PURE BRED RESCUE ANIMAL AMBASSADOR TALKS PET ADOPTION
Almost two million of the seven million canine companion animals placed in shelters each year are pure bred, according to the Humane Society.
One area dog has “gone social” as the unofficial pure bred rescue animal ambassador, encouraging the adoption of puppy mill canine companion animals that are saved and placed in local shelters as well as with breed-specific rescue organizations.
Charlie White, a silver miniature toy poodle, spent the first two years of his life living like a machine, serving as a stud dog in a Midwest puppy mill. In 2010, after being rescued by a group dedicated to saving dogs from puppy mills and unregulated breeders, he was adopted from the Monmouth County SPCA by the White family of Ocean Grove.
Today, with the help of his adopted mom, Lois White, he has taken to Facebook to tell the story of the millions of his four-legged friends.
In a first for me, I spoke with Charlie, the miniature poodle, and his mom Lois about their mission.
TBP: As a friend regularly asks, “Why buy a dog when you can save one?”
Lois: I always wanted a poodle and also felt strongly about rescuing a dog from a shelter. My daughter and I went to the Monmouth County SPCA to just look around.
We turned the corner and saw a bunch of small dogs. The volunteer told us that the Best Friends Animal Society just delivered a group of small dogs rescued from puppy mills. They had Mini Pinchers, Dachshunds, Shih-Tzus and one beautiful toy poodle.
The minute Charlie and my eyes met, we had a connection. He had a blank stare and the cutest face. He was going to be my forever puppy.
Charlie: I was so scared, dirty and beaten down, I didn’t know what was going on but when I saw my mom and her daughter I knew everything was going to be okay.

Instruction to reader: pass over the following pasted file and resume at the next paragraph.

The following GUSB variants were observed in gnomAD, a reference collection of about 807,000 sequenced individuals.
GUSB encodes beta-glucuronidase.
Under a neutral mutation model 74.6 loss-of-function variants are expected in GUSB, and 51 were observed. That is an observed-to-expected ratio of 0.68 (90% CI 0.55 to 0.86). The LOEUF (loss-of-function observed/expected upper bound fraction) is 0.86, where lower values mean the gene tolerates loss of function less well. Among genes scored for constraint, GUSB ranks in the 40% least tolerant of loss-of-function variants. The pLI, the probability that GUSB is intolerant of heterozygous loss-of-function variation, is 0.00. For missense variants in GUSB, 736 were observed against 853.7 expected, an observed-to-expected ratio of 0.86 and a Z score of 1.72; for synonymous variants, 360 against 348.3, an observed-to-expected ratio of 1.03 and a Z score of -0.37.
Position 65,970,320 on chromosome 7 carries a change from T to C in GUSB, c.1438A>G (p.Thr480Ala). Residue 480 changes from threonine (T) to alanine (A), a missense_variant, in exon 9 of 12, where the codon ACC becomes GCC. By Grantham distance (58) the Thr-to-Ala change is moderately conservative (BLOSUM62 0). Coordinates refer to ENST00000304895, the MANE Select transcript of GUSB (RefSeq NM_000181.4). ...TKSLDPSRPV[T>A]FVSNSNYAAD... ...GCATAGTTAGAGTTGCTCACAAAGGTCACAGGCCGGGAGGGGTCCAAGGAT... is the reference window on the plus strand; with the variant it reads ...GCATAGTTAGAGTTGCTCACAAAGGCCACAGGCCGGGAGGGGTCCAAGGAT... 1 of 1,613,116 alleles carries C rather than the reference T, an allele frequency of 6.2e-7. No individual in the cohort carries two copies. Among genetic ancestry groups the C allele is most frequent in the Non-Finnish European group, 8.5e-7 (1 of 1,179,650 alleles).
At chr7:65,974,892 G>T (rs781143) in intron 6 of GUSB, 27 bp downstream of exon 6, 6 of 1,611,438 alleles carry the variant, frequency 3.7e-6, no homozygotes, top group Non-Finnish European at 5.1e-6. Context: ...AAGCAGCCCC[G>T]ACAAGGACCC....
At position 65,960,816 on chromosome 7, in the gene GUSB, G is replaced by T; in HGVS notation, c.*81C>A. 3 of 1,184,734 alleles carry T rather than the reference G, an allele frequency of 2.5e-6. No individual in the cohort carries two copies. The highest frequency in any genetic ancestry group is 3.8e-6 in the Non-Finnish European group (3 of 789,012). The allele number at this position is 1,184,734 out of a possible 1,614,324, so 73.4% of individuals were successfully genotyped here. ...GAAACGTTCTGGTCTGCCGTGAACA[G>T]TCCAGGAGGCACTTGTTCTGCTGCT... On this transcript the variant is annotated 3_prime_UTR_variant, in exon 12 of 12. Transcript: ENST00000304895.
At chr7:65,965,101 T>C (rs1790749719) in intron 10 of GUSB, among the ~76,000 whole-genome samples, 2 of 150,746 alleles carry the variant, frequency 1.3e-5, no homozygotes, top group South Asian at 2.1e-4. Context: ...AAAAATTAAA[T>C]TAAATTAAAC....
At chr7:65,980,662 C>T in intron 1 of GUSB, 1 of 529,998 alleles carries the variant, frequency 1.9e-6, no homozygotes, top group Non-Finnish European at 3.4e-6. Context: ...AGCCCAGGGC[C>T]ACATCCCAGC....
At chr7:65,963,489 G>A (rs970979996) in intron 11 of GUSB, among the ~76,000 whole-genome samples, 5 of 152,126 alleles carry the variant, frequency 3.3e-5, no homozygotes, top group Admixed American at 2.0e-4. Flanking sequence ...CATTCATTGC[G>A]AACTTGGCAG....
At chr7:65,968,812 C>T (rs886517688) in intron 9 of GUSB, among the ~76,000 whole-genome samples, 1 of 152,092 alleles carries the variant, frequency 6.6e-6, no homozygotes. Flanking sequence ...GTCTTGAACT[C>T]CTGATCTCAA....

The SPCA explained that I lived the first two years of my life in a small crate and didn’t know how to walk on a leash or up stairs. I did not even know how to play with toys. Everything was going to be new to me. But the SPCA volunteers stressed they would be there to make sure my new family got the support they needed to make the transition as smooth as possible.
Lois: I knew poodles were smart and Charlie connected with our family in two days. In a couple of weeks, he was like any other dog running and playing and comfortable in his new home. It was so beautiful and gratifying to see his spirit come alive.
Now it is a joy to see him every morning. When I come home in the evening he dances with me – you can see the video online. Everyone who sees him enjoys him. We go to Café Volan, Sea Grass, Toast and other local places like the art supply store Rebearth. Charlie always spreads the word about horrible puppy mills and rescuing pets from shelters. He is so grateful and thankful and wants other people to help his friends get adopted.
Charlie: I want to encourage people to go to their local shelters where there is such an urgent need for good homes for dogs as well as cats. There are also so many breed specific rescues online that there is just never a need to buy a dog.
Lois: My goal eventually is to write a book about the travels of Charlie or “Charwee” as his friends in Ocean Grove and Asbury Park call him. I will take the proceeds from anything I do with Charlie to help support puppy mill rescue pets. Charlie thinks we saved him but really, he is a gift to our family.
Learn more about Charlie’s mission at Facebook.com/CharWeeTheWittleGuy.